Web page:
I am old enough to remember the utopian hopes for the internet. Sadly, the era of friendly little chat rooms (I exaggerate a bit) has given way to the era of dystopian fears: of Big Social Media, of the Deep State, and of our semi-voluntary servitude to the cookies and trackers.
I have a fine solution to all of our problems! Bring back the sumptuary laws that served for many centuries and on multiple continents to enforce norms and hierarchies and proper social behavior. If we had held onto rigorous sumptuary laws, Facebook’s motto, “move fast and break things,” would have put Zuckerberg in the stocks years ago. Would that have been a bad thing?
Do not be fooled by whatever damage control statements Sheryl Sandberg and Mark Zuckerberg put out today and in the coming days. They can raise the trifling objection that what happened with Cambridge Analytica was not technically a data breach. They can promise to work closely with regulatory agencies. They can abase themselves all they like. Actually, their self-abasement is a sort of voluntary admission that some kind of sumptuary law to control their behavior is needed.
The hard part of this is that we need to regulate not only the destructively transgressive behaviors of Silicon Valley elites. It’s not just that the people who are indulging themselves by consuming “cartons of multi-colored eggs pooped out of rare, expensive chickens who have been raised on diets of organic watermelon and steak” (according to Willamette Week and Washington Post) need to be shamed and then imprisoned. The really hard part is that we, the people–we the relatively privileged people–need to accept that we cannot control ourselves. We must impose binding regulations on ourselves. This may be particularly difficult with a President who desperately needs and even more desperately resists sumptuary restrictions on his very own self. Not to mention a Congress in thrall to the fantasy that deregulation always and everywhere means true freedom. The way forward is clear. As distasteful as it may be to many, we need a new leader right away. A leader who understands the true value of sumptuary regulations. A man who feels deeply the evils of bad habits and the danger of ruffles and silks and extravagance and deviance. I refer of course to our next president, Jeffrey Beauregard Sessions. Or Mike Pence, if you like.
Secretary of Defense James Mattis (I don’t say “General” because he has retired from active duty and is a civilian employee of the U.S. government) has done a better job of maintaining his dignity than most other Cabinet officers this past year. Mattis has said more than once that his job is to “protect the Constitution and our way of life.” Well, he is likely to get a chance to prove himself soon, if reports that the president is about to get rid of Attorney General Sessions are true. Trump is apparently starting to realize that he actually can ignore the so-called adults in the room and do all kinds of not-normal and very likely illegal and unconstitutional things that he has been itching to do. The Constitution, as Trump may be realizing, is a dead letter if it isn’t enforced by Congress or the courts. And if pushback from free assembly and free speech aren’t enough to convince those other branches to restrain the president, the Constitution won’t save us.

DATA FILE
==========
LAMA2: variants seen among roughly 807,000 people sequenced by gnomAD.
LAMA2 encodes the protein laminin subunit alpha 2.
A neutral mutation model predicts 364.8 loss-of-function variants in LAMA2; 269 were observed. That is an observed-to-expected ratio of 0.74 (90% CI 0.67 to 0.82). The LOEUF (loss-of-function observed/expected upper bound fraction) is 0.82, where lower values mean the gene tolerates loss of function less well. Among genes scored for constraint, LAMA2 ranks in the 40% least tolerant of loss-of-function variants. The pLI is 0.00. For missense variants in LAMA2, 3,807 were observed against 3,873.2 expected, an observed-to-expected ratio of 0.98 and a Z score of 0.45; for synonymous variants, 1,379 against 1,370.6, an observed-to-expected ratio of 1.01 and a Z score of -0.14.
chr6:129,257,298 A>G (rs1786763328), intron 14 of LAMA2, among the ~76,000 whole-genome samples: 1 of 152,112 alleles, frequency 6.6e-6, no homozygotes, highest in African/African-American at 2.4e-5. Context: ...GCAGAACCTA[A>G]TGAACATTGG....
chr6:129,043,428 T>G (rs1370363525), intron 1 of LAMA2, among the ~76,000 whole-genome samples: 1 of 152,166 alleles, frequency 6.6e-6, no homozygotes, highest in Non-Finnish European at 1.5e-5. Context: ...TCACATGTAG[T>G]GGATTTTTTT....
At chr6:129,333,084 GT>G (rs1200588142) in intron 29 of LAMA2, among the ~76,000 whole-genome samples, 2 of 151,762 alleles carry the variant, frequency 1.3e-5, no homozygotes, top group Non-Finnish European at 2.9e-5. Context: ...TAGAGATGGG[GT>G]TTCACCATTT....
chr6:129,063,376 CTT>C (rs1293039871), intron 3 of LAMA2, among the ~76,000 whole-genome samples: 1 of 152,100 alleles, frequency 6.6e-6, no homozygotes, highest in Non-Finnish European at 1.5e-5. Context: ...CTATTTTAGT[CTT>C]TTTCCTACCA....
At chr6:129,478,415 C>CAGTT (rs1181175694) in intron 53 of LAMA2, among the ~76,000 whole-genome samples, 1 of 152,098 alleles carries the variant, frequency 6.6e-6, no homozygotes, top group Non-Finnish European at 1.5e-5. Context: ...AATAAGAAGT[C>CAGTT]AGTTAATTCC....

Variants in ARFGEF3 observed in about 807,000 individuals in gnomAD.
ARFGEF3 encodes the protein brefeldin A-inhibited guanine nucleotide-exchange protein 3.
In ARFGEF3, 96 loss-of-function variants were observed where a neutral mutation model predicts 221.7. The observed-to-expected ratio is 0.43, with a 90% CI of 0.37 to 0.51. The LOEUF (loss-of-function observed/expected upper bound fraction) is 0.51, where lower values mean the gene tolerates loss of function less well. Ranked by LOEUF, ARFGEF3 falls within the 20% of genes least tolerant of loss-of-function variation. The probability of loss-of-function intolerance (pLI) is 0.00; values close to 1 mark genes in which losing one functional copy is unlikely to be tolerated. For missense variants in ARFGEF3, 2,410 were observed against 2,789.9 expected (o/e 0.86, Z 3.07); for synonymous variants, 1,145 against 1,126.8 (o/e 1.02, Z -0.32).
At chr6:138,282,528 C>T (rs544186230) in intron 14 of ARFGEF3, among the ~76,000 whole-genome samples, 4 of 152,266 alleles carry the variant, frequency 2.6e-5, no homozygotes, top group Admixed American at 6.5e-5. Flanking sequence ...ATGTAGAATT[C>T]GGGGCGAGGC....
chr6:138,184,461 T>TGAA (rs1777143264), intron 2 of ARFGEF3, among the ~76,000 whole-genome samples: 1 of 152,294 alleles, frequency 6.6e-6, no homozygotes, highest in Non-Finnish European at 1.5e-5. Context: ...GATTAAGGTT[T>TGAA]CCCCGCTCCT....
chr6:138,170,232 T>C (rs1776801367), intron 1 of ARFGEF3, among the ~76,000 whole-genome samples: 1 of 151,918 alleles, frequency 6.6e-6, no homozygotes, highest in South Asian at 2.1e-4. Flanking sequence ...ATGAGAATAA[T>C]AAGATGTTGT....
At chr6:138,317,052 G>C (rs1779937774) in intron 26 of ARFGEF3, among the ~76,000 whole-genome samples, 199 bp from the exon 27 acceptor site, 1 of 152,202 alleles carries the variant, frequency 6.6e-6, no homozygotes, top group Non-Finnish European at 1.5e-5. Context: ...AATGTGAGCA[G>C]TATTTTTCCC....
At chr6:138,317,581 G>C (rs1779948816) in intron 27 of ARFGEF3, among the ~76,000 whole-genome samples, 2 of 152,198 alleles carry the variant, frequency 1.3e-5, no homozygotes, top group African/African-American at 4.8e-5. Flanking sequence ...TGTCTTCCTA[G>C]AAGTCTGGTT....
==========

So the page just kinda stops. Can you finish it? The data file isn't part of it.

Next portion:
If the president removes Sessions, installs (for example) Scott Pruitt, and Pruitt removes Mueller, then we are on the edge of constitutional crisis (I say “edge” advisedly because I don’t believe a president can succeed in trashing our freedoms unless we acquiesce). Congress could intervene by passing, with veto-proof majorities, a new independent counsel statute; alternatively, Congressional committees could actually get serious about enforcing subpoenas against Trump and his minions; or, of course, the House could impeach. What does Mattis have to do with any of this? If Trump does move to shut down Mueller’s investigation, Mattis’s only honorable move, in my opinion, will be to resign and furthermore tell us why he will not be a party to subversion of our Constitution and our traditions of freedom. If Mattis can’t move the needle of public opinion among Trump supporters and on-the-fence Americans, we are in trouble. But he will have done what he can to preserve what he says he cares about most.
President Trump immediately fired back today at Attorney General Sessions, who praised sheriffs this morning for upholding the “Anglo-American heritage of law enforcement.” The president, walking toward his Official Presidential Limousine en route to give a lecture at the failing Newseum on “Macht, Herrschaft, and the Greatness of The Rule of Trump,” demanded that General Sessions apologize for his comments and acknowledge the greatness of his favorite traditions of sheriffing and policing, namely the Germanic and Prussian. At first blush the president’s rebuke of Sessions seemed to contradict his tweet over the weekend in support of “due process.” Trump derided that objection as picayune and also treasonous, saying “I don’t need no stinking Magna Carta.” At last check CNN, the AP, and the failing NY Times and fake-Amazon-Washington Post were all seeking writs of habeas corpus for their imprisoned reporters.